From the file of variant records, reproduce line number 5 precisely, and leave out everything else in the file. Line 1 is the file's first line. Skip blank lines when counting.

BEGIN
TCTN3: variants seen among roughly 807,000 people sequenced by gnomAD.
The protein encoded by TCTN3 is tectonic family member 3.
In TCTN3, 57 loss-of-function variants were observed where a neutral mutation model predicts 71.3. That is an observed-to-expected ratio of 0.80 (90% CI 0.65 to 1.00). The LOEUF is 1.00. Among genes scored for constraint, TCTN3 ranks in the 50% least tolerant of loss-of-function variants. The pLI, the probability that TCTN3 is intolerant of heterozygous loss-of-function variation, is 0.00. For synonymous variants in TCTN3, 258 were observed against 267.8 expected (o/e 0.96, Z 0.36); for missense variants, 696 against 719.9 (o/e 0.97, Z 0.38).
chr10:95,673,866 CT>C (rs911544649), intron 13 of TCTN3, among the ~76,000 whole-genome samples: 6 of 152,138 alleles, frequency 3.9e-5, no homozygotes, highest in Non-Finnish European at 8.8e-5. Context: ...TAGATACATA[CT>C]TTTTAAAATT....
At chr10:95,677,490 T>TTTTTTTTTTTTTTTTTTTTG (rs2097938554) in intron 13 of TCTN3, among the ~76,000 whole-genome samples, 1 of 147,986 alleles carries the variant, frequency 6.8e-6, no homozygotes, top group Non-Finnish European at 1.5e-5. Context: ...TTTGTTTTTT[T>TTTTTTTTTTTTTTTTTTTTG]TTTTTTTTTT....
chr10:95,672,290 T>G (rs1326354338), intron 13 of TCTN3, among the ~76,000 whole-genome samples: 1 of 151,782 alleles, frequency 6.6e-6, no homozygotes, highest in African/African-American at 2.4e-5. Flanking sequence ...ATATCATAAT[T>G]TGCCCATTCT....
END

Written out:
At chr10:95,677,490 T>TTTTTTTTTTTTTTTTTTTTG (rs2097938554) in intron 13 of TCTN3, among the ~76,000 whole-genome samples, 1 of 147,986 alleles carries the variant, frequency 6.8e-6, no homozygotes, top group Non-Finnish European at 1.5e-5. Context: ...TTTGTTTTTT[T>TTTTTTTTTTTTTTTTTTTTG]TTTTTTTTTT....